The growth of technology, media technology in particular, in combination with the ease of creating one’s information through cheap mobile telephony, has democratised “news” both for good and bad uses.

An active user of social media receives information many times each day from friends, families, casual acquaintances, and unknown people. It has become easier than ever to generate and spread information. It can be about anything. In several formats, including text, video, photo and voice, anyone can use just a smart telephone to express views, ideas, wishes and news that can reach numerous people across the world in rapid time.

Such shared information may be fake news which contains misinformation and inaccuracies. The information may be designed purposefully to deceive or mislead the receiver. Or it may be used to inform, or promote a viewpoint, sale, generate interest in an issue, or perhaps to entertain. Most people re-post information quickly and hardly spend time to verify its authenticity.

Fake news varies in appearances and implications. As Nigeria’s 2019 elections for president, governors and other offices draw nearer, fake news will increase in frequency and sophistication.

The relevance of newspapers, radio and television notwithstanding, social network services are very effective means of communication. Their impact on political discourse and communication is significant in Nigeria.

Image result for nigeria elections

(image via pulse.ng)

According to available statistics, Nigeria’s active users of social media increased from only 52 million in 2013 to about 90 million users in 2017. With a huge population of young people, the country will most likely surpass its hitherto growth rate of about three percent for active users. Especially if the costs of mobile telephony decreases and the economy picks up in the near future, more young people will use the Internet with social media as primary means of communication. The mobile telephony subscription in the country rose from 1.6 million in 2002, to 87.4 million in 2010, and it is now at about 154 million.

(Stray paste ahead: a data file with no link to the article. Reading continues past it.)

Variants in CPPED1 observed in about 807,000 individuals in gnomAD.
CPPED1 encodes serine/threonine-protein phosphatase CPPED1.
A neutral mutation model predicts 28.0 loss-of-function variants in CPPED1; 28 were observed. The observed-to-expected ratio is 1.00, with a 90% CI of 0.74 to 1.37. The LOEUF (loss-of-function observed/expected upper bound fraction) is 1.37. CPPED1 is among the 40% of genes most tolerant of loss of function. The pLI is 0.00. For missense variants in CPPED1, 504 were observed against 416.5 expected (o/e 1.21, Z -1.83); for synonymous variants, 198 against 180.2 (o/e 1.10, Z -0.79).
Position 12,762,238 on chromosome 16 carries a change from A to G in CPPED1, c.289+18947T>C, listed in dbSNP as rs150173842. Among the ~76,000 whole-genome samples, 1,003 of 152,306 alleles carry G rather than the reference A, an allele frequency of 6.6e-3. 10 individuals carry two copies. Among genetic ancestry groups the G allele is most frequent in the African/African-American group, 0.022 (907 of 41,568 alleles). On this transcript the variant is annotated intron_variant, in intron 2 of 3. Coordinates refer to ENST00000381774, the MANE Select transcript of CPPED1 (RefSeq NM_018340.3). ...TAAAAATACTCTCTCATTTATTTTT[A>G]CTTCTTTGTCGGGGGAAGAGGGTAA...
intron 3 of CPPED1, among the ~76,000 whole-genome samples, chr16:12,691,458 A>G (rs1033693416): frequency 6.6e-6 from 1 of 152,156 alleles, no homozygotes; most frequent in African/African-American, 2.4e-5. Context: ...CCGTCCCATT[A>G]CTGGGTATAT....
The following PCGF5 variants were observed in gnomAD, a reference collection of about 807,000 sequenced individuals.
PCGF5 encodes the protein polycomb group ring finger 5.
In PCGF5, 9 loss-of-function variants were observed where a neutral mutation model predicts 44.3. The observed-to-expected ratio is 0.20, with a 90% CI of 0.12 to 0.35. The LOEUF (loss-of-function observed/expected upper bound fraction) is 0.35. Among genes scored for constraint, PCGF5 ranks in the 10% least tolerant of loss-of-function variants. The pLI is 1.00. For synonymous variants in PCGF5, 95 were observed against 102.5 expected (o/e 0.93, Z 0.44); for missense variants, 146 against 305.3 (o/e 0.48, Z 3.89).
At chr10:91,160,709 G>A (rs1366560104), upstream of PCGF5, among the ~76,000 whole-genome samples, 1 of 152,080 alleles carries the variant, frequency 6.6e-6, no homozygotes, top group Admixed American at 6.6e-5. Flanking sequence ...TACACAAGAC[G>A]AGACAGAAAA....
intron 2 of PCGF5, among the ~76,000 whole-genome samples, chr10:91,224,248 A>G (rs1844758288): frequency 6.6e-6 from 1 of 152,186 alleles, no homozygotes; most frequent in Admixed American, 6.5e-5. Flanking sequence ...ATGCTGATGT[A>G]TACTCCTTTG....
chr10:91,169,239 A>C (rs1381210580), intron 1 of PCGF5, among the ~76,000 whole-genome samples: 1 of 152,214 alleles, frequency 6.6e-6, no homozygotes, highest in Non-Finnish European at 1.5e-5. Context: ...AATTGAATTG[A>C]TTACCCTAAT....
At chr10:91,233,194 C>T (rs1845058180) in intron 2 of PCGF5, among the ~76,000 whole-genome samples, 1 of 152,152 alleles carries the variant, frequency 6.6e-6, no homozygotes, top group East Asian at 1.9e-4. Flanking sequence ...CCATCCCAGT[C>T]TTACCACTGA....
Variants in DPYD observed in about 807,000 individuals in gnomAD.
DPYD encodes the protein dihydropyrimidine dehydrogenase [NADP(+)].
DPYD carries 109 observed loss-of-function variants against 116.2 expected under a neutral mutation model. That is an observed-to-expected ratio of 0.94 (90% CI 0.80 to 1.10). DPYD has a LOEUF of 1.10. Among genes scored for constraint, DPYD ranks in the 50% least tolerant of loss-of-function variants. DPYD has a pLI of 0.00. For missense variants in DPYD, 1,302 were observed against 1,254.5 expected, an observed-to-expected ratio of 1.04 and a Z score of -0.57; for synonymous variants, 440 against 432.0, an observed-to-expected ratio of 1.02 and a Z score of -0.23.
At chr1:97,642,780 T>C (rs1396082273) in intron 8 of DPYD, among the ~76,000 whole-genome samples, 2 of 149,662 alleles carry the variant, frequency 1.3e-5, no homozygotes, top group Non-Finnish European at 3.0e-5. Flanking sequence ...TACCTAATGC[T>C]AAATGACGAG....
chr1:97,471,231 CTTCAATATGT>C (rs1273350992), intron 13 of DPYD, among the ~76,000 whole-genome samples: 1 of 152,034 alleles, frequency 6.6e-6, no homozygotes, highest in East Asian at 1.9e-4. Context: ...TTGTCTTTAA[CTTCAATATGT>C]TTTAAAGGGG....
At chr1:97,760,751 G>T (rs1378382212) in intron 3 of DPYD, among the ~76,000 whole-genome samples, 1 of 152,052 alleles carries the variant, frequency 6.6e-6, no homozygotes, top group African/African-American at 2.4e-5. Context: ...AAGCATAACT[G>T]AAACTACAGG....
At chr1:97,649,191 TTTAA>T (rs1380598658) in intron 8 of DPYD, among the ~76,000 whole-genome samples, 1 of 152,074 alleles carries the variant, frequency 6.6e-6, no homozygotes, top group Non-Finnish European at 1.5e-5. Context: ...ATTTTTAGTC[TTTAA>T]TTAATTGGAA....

Some fake news can be sighted from a mile off. Especially by astute communication and media professionals. A casual observation will show if the name of the purported media organization is wrongly portrayed, or if there are wrong spellings, unusual language or style of presentation. In some cases the hyperlink used as source of the news or information does not exist. Or the statements made are simply doubtful.

Yet, fake news can be cleverly done. It is possible to use modern innovations to modify photos, voices, images and scenes, and combine them to look credible. In such cases, it is difficult to spot the manipulations. More advanced analysis or technology is required.

Recently, Nobel Laureate Wole Soyinka spoke of a fake website that had his identity all over it. He succeeded to trace the originator but the person has not taken the website down.

Many wealthy people, celebrities, well-known persons, leading brands and organisations have fake information about them and attributed to them on the social media. Facebook, Twitters, websites and blogs, WhatsApp and Instagram are popular in Nigeria, and they contain a lot of fake news despite deliberate efforts by the platforms to identify and eliminate fake news and their creators.

Whilst there is general agreement that fake news should be discouraged and stopped, there is little common position on how it can be done. Current libel laws may be already adequate. Others ask for special policies and laws to counter fake news, whilst some countries place special taxes on use of social media. There have been several instances where national authorities closed down access to the Internet.